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Conficker is the poster child for modern malware.
Its original incarnation in late 2008 exploited a vulnerability that had been patched a month earlier, but because many Windows users are slow to apply patches, it was extremely effective.
But its particular genius was the way it used a Windows feature called AutoRun, along with social engineering, to spread like wildfire. As the dialog box above shows, Conficker spread by infecting ubiquitous USB flash drives (another technology that didn’t exist at the beginning of the decade). It convinced unwary users to click an innocent-looking option in the AutoRun dialog box that appeared when a USB drive was inserted into a PC.
To add insult to injury, it then used a simple dictionary attack to find administrator accounts on the network that used pathetically weak passwords like letmein and 123456 and asdfgh and Admin. Turns out there’s a lot of lazy admins out there.
Microsoft’s response in February 2009 included a $250,000 bounty for identifying the Conficker authors. It closed the USB Autorun hole in the initial release of Windows 7 but didn’t deliver the equivalent patch as a Critical update for Windows XP and Vista until early 2011.
Microsoft and a loose amalgamation of security professionals called the Conficker Working Group shut down the Conficker botnet by taking over its command-and-control servers through legal processes. Today, there are still several million Conficker-infected PCs, but their ability to be controlled by evil forces is long gone.
Why did it take so long for Microsoft to include effective, free antivirus software as part of Windows? Blame the 2001 United States versus Microsoft antitrust settlement, which severely restricted the company's ability to bundle software with Windows if that software would compete with third-party products.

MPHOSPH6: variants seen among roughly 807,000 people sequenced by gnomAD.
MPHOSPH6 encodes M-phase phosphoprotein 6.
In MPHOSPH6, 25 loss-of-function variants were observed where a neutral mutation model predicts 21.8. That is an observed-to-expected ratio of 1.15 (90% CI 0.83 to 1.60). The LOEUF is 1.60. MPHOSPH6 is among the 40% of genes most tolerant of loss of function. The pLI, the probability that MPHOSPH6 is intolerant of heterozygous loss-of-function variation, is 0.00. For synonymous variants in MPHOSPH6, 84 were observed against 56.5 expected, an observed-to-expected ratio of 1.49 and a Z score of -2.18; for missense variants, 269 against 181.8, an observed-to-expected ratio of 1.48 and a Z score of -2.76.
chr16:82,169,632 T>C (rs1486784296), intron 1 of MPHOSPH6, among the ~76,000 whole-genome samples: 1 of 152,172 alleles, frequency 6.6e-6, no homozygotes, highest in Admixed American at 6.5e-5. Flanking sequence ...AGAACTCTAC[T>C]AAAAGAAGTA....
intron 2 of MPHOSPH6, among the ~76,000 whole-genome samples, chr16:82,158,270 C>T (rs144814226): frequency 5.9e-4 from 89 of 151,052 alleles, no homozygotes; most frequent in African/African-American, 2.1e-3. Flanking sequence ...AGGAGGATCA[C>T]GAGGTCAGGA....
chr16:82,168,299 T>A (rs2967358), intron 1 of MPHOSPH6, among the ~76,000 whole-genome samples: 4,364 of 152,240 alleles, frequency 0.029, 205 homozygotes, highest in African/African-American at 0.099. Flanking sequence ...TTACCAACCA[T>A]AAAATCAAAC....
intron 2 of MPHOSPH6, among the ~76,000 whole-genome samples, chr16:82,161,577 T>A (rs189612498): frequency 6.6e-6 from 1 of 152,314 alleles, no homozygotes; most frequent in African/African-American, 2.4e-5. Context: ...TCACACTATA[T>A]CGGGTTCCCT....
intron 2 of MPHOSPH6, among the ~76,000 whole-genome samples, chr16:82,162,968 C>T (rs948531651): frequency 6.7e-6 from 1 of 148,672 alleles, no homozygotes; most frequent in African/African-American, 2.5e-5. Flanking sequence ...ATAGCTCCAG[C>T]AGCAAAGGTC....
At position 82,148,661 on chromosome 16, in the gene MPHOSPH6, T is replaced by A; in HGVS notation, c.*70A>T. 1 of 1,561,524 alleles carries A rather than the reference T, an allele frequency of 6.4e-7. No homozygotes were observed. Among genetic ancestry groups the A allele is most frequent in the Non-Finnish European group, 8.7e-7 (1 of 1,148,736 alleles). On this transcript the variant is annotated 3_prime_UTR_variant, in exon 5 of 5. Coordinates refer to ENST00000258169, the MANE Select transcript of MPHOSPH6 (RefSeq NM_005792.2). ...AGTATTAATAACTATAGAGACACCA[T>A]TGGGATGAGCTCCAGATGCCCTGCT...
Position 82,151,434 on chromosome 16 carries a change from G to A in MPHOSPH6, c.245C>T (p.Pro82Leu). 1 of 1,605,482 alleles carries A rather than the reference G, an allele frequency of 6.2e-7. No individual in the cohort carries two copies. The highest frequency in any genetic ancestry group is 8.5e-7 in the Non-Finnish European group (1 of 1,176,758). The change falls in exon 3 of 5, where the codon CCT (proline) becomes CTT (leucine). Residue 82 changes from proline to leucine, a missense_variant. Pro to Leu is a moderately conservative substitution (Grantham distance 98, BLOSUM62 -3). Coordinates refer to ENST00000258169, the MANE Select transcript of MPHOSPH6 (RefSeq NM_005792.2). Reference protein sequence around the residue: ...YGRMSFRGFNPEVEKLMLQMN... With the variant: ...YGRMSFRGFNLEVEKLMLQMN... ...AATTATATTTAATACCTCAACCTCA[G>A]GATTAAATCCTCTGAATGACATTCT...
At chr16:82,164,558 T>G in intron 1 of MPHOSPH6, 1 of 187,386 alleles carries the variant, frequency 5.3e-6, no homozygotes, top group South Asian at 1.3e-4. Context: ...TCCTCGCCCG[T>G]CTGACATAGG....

Through the decade, Microsoft slowly introduced various antimalware solutions. Windows Live OneCare was a paid product, and Windows Defender (included free with Windows Vista) blocked only adware and spyware.
Microsoft Security Essentials was the first free full-strength security product from Microsoft, based on the same engine as the enterprise-grade Forefront product. Its successor will be included by default in all editions of Windows 8, using the well-established Windows Defender brand name.
These closely related malware families represent a disturbing trend. Yes, there are competent programmers behind these Trojans, which specialize in stealing information about online banking accounts. (Brian Krebs has done an exceptional job of documenting the workings of these bad actors.)
But what’s new and different is that the malware authors have essentially franchised their work, selling the results as crimeware kits that even a non-programmer can use. Some experts estimate that the Zeus/SpyEye botnets have lifted more than $100 million from innocent victims.
Fortunately, a very aggressive worldwide legal effort led by Microsoft has taken out the most aggressive of these botnets, and the survivors have to be feeling a little nervous. Legal proceedings have become an increasingly effective part of Microsoft’s response to malware, especially in persistent cases like this.